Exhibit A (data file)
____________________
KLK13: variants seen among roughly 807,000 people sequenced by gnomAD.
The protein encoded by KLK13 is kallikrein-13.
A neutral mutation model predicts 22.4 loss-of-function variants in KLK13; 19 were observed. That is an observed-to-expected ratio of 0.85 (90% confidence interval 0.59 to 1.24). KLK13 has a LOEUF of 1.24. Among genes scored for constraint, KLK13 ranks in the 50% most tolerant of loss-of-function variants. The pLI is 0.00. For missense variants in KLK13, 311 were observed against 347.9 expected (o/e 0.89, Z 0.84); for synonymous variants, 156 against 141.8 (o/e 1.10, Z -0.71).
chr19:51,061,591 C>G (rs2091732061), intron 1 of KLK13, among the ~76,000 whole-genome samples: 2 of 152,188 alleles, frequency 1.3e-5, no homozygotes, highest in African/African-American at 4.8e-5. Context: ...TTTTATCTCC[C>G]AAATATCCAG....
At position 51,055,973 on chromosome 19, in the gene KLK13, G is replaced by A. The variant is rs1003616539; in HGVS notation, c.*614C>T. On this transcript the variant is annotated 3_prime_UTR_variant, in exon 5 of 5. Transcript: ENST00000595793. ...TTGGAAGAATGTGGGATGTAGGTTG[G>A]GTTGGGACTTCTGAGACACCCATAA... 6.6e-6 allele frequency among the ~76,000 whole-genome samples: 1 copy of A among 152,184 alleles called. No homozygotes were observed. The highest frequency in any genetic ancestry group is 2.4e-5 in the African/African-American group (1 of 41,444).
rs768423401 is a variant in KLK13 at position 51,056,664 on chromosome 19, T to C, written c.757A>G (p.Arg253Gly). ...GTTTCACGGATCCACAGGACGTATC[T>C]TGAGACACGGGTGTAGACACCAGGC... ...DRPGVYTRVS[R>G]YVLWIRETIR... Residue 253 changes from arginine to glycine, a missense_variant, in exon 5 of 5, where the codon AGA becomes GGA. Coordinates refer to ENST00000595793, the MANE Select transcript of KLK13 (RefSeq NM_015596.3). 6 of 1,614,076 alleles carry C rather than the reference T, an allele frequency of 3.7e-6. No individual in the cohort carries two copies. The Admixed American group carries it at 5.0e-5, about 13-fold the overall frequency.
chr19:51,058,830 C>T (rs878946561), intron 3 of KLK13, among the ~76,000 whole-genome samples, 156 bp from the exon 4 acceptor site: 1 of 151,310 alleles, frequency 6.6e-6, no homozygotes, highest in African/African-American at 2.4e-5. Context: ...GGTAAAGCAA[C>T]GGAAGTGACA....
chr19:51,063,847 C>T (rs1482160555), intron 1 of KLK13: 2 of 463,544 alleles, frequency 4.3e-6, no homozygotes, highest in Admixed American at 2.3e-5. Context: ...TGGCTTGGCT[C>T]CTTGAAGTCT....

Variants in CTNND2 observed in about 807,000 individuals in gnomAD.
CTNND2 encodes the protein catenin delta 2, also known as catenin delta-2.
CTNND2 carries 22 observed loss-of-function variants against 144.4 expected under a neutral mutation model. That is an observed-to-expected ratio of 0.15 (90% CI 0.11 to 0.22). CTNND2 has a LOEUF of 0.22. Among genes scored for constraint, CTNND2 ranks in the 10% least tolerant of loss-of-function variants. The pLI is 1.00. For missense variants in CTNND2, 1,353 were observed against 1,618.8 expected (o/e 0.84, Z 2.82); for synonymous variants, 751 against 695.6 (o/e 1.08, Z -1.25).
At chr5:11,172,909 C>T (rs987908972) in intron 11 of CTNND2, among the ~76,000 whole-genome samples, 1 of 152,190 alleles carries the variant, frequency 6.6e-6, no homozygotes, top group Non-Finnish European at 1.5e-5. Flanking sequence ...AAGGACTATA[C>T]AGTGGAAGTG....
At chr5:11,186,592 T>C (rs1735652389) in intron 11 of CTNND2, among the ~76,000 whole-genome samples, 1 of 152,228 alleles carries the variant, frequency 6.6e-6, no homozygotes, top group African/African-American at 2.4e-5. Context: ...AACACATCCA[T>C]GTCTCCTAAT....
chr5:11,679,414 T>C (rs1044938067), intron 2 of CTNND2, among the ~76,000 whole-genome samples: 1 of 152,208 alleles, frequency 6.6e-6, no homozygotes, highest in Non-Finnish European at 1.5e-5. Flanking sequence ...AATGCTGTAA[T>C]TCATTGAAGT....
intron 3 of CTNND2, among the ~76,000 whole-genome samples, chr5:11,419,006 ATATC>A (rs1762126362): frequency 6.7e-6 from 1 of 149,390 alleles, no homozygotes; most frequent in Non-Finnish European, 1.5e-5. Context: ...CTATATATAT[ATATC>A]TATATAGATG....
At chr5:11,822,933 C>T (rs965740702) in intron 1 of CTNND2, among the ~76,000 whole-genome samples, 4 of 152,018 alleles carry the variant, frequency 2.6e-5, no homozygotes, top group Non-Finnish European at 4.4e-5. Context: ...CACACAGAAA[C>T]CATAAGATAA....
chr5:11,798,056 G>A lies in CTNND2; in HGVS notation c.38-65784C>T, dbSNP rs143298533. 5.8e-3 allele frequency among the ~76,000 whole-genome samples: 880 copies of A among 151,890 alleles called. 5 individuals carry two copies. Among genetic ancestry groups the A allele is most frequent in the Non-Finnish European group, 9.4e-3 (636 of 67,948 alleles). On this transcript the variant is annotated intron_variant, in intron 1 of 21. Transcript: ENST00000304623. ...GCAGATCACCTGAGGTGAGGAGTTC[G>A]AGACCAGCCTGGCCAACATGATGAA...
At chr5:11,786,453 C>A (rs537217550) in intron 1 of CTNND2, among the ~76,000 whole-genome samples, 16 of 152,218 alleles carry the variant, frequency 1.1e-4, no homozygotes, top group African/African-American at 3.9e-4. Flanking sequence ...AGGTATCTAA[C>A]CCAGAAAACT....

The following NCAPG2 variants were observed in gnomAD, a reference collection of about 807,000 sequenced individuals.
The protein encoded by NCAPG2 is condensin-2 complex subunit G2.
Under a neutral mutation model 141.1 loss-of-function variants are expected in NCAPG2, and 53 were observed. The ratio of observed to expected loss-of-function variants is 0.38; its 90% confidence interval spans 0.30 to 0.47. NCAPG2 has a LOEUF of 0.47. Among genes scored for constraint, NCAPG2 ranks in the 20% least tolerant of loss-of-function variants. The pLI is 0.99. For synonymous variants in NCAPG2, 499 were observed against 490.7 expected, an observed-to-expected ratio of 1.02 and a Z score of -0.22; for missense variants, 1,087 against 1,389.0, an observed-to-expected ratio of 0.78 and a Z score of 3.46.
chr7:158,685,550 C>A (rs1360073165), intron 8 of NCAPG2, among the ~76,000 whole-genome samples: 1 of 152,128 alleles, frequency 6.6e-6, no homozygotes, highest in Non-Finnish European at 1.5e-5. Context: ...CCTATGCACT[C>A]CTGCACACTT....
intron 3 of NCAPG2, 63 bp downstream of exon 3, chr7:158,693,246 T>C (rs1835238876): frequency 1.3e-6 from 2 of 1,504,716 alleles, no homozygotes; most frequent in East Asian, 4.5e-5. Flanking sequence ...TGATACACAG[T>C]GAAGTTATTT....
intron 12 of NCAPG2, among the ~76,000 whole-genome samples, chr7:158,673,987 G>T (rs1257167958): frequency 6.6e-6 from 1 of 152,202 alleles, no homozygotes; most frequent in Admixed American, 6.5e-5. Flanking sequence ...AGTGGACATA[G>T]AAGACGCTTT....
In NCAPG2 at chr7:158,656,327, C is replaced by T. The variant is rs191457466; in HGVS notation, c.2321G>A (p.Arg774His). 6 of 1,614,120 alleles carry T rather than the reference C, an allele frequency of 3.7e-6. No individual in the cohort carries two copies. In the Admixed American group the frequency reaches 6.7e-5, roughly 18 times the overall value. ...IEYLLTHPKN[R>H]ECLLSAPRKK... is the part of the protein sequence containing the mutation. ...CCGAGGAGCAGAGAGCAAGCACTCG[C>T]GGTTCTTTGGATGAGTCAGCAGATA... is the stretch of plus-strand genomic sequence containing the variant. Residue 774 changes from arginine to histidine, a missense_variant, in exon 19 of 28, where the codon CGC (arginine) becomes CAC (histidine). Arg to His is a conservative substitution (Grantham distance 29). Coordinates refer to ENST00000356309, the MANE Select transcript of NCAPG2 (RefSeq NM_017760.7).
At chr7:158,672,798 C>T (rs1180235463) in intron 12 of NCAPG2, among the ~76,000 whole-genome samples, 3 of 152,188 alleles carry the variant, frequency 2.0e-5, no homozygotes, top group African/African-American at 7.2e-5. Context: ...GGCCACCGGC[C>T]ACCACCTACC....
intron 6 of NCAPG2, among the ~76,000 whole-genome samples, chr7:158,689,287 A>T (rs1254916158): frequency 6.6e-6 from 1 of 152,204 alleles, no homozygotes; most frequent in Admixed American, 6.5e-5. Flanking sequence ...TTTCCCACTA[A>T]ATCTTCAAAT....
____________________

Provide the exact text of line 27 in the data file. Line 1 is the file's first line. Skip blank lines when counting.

intron 6 of NCAPG2, among the ~76,000 whole-genome samples, chr7:158,689,287 A>T (rs1254916158): frequency 6.6e-6 from 1 of 152,204 alleles, no homozygotes; most frequent in Admixed American, 6.5e-5. Flanking sequence ...TTTCCCACTA[A>T]ATCTTCAAAT....